The Buddy Holly Story Movie Poster Image

The Buddy Holly Story



Bio of '50s music icon has great music, positive values.
  • Rated: PG
  • Genre: Musical
  • Release Year: 1978
  • Running Time: 114 minutes

What parents need to know

Positive messages

A strong message about how working hard and pursuing goals enthusiastically results in good fortune and success. Shows how rock 'n' roll promoted racial integration for music fans before the civil rights movement began to significantly change the culture.

Positive role models

Unlike most modern film biographies of musical stars, in this bio (part-fact, part-fiction) Buddy Holly is shown as a music powerhouse who doesn't engage in self-destructive activities (i.e. drinking, drugs, womanizing). He's steadfast, loyal, and unchanged by fame and fortune. In addition, he's a staunch defender of African American musicians and wholeheartedly joins them onstage. Music industry personnel are portrayed as honest, well-meaning, and unselfish.


A brief scuffle; someone breaks down a door.


Some kissing. Teenagers in 1960s are necking in a parked car; the boy tries to touch the girl's breast. Buddy and his wife are shown in bed together.


Occasional swearing and coarse language: "hell," "s--t," "Goddamn," "sonofabitch," "bastard," "for Christ's sake," "ass," "play with myself." Also some racial slurs used by the hero to shame a bigot: "dark meat," "nigra," and the "N" word.


Coca Cola, Jell-O, Dr. Pepper, RCA, CBS, Vertigro.

Drinking, drugs, & smoking

Some drinking in social settings, including toasting with champagne to celebrate. The Crickets' drummer is seen drinking alcohol in numerous scenes and getting drunk before an important appearance. Occasional smoking of both cigarettes and cigars.

Parents Need to Know

Parents need to know that The Buddy Holly Story is a good-hearted look at a rock 'n' roll pioneer that contains lots of great music and none of the melodramatic excesses of many musical biopics (no drugs, no overt sexuality, no self-destructive behavior). Only the credits at the end of the film reveal that Buddy Holly died in a plane crash on the night after the final performance in the film. There's occasional swearing, with repeated use of some expletives: "hell," "sh--t," "bastard," "damn," "ass," and more. When a bigot utters a racial slur, Buddy Holly counters with slurs of his own to embarrass the offender. Alcohol is consumed in several scenes; one character drinks too much and gets drunk. Some cigar and cigarette smoking consistent with the time period.

Parents say

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What's the story?

There's a new musical sound emerging in the late 1950s: rock 'n' roll. In a very short time, Buddy Holly and The Crickets go from playing at a roller rink in their hometown to radio stations, TV shows, and sold-out concerts all over the United States. THE BUDDY HOLLY STORY is a showcase for the infectious, high energy music of this rock 'n' roll hero. The film traces the group's meteoric rise and short-lived career, Buddy's head-over-heels romance with the young woman who would become his wife, and loosely covers some bumps in the road on the way to stardom. Gary Busey sang his way to an Oscar nomination for his wonderful portrayal of Buddy. The singer-songwriter's untimely death in an airplane crash is mentioned only in the credits at the end of the film.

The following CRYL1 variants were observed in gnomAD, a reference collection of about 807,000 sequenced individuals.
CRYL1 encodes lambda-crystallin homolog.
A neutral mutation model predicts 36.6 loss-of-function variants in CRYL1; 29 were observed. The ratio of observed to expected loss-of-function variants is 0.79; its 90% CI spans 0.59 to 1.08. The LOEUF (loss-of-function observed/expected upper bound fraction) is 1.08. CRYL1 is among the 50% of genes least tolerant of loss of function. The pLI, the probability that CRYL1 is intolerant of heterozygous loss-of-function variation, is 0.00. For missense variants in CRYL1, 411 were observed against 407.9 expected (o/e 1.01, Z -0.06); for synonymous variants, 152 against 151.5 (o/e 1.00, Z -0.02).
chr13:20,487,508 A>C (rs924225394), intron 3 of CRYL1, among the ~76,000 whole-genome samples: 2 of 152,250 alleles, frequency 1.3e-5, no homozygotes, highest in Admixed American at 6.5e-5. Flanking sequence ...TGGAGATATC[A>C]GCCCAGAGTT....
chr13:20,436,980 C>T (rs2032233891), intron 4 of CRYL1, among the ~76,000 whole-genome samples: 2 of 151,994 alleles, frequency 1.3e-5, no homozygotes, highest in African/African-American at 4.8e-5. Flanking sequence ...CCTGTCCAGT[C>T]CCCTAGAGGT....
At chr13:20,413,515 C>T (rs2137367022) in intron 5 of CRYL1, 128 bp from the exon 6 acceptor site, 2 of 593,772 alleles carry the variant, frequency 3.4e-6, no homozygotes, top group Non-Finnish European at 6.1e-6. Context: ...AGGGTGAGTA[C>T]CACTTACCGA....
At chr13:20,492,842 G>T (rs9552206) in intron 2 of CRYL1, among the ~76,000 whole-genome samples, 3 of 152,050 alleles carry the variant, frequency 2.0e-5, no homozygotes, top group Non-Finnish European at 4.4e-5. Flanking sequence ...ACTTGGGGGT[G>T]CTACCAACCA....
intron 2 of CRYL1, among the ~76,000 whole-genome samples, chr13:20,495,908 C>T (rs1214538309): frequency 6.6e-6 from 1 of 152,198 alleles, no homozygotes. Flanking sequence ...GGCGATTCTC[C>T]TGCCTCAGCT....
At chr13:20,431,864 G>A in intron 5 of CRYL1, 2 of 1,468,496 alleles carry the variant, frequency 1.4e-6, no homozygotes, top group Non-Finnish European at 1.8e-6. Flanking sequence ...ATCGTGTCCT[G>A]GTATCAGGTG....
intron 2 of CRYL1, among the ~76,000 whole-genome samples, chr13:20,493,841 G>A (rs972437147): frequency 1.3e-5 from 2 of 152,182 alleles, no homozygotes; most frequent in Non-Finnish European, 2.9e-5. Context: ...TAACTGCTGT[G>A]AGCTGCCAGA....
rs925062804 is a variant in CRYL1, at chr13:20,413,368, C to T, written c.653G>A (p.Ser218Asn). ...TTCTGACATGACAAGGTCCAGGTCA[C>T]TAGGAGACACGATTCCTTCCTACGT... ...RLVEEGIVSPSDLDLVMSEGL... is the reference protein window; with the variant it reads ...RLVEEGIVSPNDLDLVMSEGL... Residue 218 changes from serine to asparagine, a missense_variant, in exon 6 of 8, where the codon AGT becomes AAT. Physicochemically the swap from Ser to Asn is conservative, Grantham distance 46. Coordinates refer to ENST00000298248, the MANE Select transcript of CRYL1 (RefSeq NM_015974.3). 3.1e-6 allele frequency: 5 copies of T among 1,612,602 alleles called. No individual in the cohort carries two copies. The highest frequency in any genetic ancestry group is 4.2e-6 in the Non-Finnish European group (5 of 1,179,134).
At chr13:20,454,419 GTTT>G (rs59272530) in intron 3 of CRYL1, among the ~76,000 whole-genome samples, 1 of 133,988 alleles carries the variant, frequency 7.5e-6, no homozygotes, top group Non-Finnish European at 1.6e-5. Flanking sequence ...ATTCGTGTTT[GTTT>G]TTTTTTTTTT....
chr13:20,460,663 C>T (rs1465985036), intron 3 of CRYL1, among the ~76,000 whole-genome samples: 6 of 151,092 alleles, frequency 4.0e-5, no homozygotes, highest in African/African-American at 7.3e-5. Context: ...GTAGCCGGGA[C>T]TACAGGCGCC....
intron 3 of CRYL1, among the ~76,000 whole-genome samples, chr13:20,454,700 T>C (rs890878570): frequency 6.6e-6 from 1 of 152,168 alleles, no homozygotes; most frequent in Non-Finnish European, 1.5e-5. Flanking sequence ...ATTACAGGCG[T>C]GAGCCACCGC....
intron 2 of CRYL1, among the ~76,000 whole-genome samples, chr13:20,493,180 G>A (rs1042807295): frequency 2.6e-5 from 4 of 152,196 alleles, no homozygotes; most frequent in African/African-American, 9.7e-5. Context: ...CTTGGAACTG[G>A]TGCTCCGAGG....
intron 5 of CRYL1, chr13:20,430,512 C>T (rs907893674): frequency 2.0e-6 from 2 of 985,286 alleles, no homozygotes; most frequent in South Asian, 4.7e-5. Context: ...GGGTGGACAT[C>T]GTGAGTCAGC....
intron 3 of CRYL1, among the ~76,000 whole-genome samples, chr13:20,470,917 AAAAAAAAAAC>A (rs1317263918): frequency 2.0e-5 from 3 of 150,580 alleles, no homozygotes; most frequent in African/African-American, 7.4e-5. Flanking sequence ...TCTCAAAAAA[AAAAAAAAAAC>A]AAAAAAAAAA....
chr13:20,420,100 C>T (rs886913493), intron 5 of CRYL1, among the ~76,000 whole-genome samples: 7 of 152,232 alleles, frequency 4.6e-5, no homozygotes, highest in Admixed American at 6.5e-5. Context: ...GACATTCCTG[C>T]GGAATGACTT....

Is it any good?


The music's wonderful. All the great, memorable Buddy Holly songs -- and there are many -- are performed with gusto and an earnest attempt to recreate those moments when the world caught wind of a sparkling and infectious new talent. What little story there is, is predictable, safe, and does nothing to tarnish Holly's squeaky clean reputation.

The film's not perfect, by any means. The scenes that show the Crickets as the first white group to perform at the Apollo Theater are corny, but give a shout-out to music's role in anticipating what was to come later in America's fight for racial integration. Except for the occasional coarse language, the film is family fare: a fun, old-time look at a well-loved and influential phenom.

Families can talk about...

  • Families can talk about how Buddy Holly is considered one of the most influential creative forces in early rock 'n' roll. What do you think there was in his music that inspired such artists as the Beatles, Bob Dylan, and the Rolling Stones?

  • How did parents and society in general react to early rock 'n' roll music? Are there parallels to more current music (rap, Lady Gaga, heavy metal)? What does this say about the challenges that occur in a changing culture?

  • How does this movie deal with race? What did you learn about music's role in race relations in this time period? What kinds of stereotypes are challenged or reinforced in The Buddy Holly Story?

Movie details

Theatrical release date:May 18, 1978
DVD/Streaming release date:September 7, 1999
Cast:Charles Martin Smith, Gary Busey
Director:Steve Rash
Studio:Columbia Pictures
Topics:Music and sing-along
Run time:114 minutes
MPAA rating:PG
Awards/Honors:Academy Award

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What parents and kids say

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Teen, 13 years old Written byKorbyn January 11, 2013

Buddy Holly

Love this movie, one of my all time favorites. The movie shows how someone from a small town can achieve their dreams only by trying. Gary Busey performs Buddy wonderfully. Not all of the story is true, but what they have done is wonderful! Although it does have a sad ending, as you may have guessed, it is a wonderful movie.
What other families should know
Great messages
Great role models
Too much consumerism